Dubber Interesting. So what are the upper limits as far as the literature of imagiCharm is concerned? What are the poems and the novels that people can create on that?
Dora Yeah. There have been some really, really exciting projects that went beyond our initial idea. So one of my favourite projects was this dice project. So one of the users who’s used the random module in Python to turn the imagiCharm into a dice, so every time you run the code, it throws a different number. So you can use it for playing board games. We had one of our superusers turn the imagiCharm into a tool that would randomly select whether they should watch Netflix or do their homework.
Dubber Presumably weighted quite heavily in one direction, too.
Dora Potentially. If she figures out how to do that, that’s also a great achievement. And so there’ve been a couple of really fun applications, and it can get quite complicated when it comes to the logic and the mathematics to it.
But I think what’s important is, again, that this creative coding in Python is the first experience that we want to create and make it accessible. And we’ll be looking to launch new courses and concepts to potentially teach a different programming language. Or the next thing that we’re looking at, perhaps, is game development. So creating more interaction and more collaboration among our creators, among our users.
Dubber Right. Is there a community that’s formed up around this online? I’m old, so I think of Facebook groups, but there must be some sort of place where people are coming together, talking about their projects.
Dora Yeah. Great question. And, right, the age aspect of it is interesting. Of course, as the fundraiser/marketer, I’m trying to understand “Where are our users hanging out? Where can we create communities for them?”. And so there is a community aspect to the app itself, as well. So our users can have profiles, and they do have descriptions in their profiles, and it’s possible to share the coding projects within the imagiLabs app and comment on them. But we also have a Discord server. I don’t know if you know about Discord, but it is the more natural place for Gen Z to hang out, and so that’s where most of the discussions are happening right now.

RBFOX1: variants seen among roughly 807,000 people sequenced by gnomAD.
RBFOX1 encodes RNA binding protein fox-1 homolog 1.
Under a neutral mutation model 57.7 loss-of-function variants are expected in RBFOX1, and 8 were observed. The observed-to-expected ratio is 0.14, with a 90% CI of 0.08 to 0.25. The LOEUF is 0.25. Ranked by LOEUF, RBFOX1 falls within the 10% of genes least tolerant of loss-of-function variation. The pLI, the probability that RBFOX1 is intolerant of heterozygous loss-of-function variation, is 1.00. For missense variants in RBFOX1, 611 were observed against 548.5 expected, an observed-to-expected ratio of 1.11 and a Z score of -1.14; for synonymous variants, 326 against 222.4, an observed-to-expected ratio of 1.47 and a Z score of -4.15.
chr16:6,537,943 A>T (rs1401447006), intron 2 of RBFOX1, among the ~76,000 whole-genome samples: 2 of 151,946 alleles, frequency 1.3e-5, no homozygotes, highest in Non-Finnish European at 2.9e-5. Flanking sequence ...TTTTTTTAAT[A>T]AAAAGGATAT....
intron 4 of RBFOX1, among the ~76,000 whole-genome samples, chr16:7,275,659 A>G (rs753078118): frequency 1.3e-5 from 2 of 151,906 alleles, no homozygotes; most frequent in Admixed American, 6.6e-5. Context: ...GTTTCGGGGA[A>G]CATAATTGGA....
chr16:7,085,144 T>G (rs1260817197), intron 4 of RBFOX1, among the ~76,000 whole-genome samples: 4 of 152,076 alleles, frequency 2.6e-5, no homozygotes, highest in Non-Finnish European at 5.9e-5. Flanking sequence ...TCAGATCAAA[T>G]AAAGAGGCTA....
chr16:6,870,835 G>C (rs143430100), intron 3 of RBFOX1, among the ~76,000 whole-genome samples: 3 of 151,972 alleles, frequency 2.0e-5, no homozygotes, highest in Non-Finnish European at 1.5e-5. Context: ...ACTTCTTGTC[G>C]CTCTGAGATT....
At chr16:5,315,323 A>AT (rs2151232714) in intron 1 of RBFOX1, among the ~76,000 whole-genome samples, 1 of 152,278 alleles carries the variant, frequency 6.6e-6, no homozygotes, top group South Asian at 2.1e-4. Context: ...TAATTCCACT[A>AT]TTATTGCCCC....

Dubber Wow, fantastic. Well, I’m really looking forward to you coming and bringing imagiCharm and your educational methodology to MTF Sparks when we have that next year in the summertime. It’ll be fantastic to have that. I’m really looking forward to seeing that.
Dora Same. Really, really looking forward to it.
Dubber Fantastic. Dora, it’s been an absolute pleasure to have you on the podcast. I really wish you luck with it. It sounds like it’s going really, really well, and I can see why. It looks like something that I want to use to learn how to do programming, if that’s any indication whatsoever. But thank you so much for your time. Really appreciate it.
Dora Thank you for taking the time to talk to me.
Dubber That’s imagiLabs CEO, Dora Palfi, and that’s the MTF Podcast. You can find the imagiCharm at www.imagilabs.com. And this has not been a paid commercial, and other educational smart devices are, I imagine, available. You can find MTF Labs at www.mtflabs.com and @mtflabs on Twitter, Facebook, LinkedIn, and Instagram. I’m Dubber, that’s @dubber on Twitter. And this week’s episode was edited by Sergio Castillo. The intro music was by Indonesian electronic music composer Lux-Inspira. This music in the background now is by airtone. And the MTF audio logo, as always, was created by Run Dreamer. You’re going to hear that again in just a second. Stay safe, have a great week, and we’ll talk soon. Cheers.